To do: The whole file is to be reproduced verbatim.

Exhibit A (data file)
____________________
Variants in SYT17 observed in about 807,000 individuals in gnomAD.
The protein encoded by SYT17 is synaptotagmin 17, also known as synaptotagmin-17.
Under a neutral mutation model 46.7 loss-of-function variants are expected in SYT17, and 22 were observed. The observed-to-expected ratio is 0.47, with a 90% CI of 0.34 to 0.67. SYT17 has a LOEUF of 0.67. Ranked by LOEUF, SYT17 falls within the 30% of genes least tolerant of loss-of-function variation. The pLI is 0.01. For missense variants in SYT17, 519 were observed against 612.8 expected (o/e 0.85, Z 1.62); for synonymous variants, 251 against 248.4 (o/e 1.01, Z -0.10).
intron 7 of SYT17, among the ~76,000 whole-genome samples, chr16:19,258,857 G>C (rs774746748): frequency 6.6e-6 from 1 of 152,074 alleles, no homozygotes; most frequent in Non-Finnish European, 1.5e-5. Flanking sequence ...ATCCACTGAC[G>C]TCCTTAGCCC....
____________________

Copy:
Variants in SYT17 observed in about 807,000 individuals in gnomAD.
The protein encoded by SYT17 is synaptotagmin 17, also known as synaptotagmin-17.
Under a neutral mutation model 46.7 loss-of-function variants are expected in SYT17, and 22 were observed. The observed-to-expected ratio is 0.47, with a 90% CI of 0.34 to 0.67. SYT17 has a LOEUF of 0.67. Ranked by LOEUF, SYT17 falls within the 30% of genes least tolerant of loss-of-function variation. The pLI is 0.01. For missense variants in SYT17, 519 were observed against 612.8 expected (o/e 0.85, Z 1.62); for synonymous variants, 251 against 248.4 (o/e 1.01, Z -0.10).
intron 7 of SYT17, among the ~76,000 whole-genome samples, chr16:19,258,857 G>C (rs774746748): frequency 6.6e-6 from 1 of 152,074 alleles, no homozygotes; most frequent in Non-Finnish European, 1.5e-5. Flanking sequence ...ATCCACTGAC[G>C]TCCTTAGCCC....